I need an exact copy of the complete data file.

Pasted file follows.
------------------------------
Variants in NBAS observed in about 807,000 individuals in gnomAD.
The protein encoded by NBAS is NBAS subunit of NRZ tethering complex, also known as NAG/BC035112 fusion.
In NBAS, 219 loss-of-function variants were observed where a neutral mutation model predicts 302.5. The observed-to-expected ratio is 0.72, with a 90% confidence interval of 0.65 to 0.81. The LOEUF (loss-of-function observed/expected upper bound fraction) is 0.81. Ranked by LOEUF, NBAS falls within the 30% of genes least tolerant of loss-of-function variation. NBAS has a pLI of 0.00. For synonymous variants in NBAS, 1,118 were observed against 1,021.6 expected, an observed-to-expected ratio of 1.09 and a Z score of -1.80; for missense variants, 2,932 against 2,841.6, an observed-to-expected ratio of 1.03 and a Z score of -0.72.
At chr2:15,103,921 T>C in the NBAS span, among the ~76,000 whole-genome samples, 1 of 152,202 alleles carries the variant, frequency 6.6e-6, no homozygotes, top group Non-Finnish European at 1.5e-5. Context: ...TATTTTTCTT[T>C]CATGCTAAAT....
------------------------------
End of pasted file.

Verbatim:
Variants in NBAS observed in about 807,000 individuals in gnomAD.
The protein encoded by NBAS is NBAS subunit of NRZ tethering complex, also known as NAG/BC035112 fusion.
In NBAS, 219 loss-of-function variants were observed where a neutral mutation model predicts 302.5. The observed-to-expected ratio is 0.72, with a 90% confidence interval of 0.65 to 0.81. The LOEUF (loss-of-function observed/expected upper bound fraction) is 0.81. Ranked by LOEUF, NBAS falls within the 30% of genes least tolerant of loss-of-function variation. NBAS has a pLI of 0.00. For synonymous variants in NBAS, 1,118 were observed against 1,021.6 expected, an observed-to-expected ratio of 1.09 and a Z score of -1.80; for missense variants, 2,932 against 2,841.6, an observed-to-expected ratio of 1.03 and a Z score of -0.72.
At chr2:15,103,921 T>C in the NBAS span, among the ~76,000 whole-genome samples, 1 of 152,202 alleles carries the variant, frequency 6.6e-6, no homozygotes, top group Non-Finnish European at 1.5e-5. Context: ...TATTTTTCTT[T>C]CATGCTAAAT....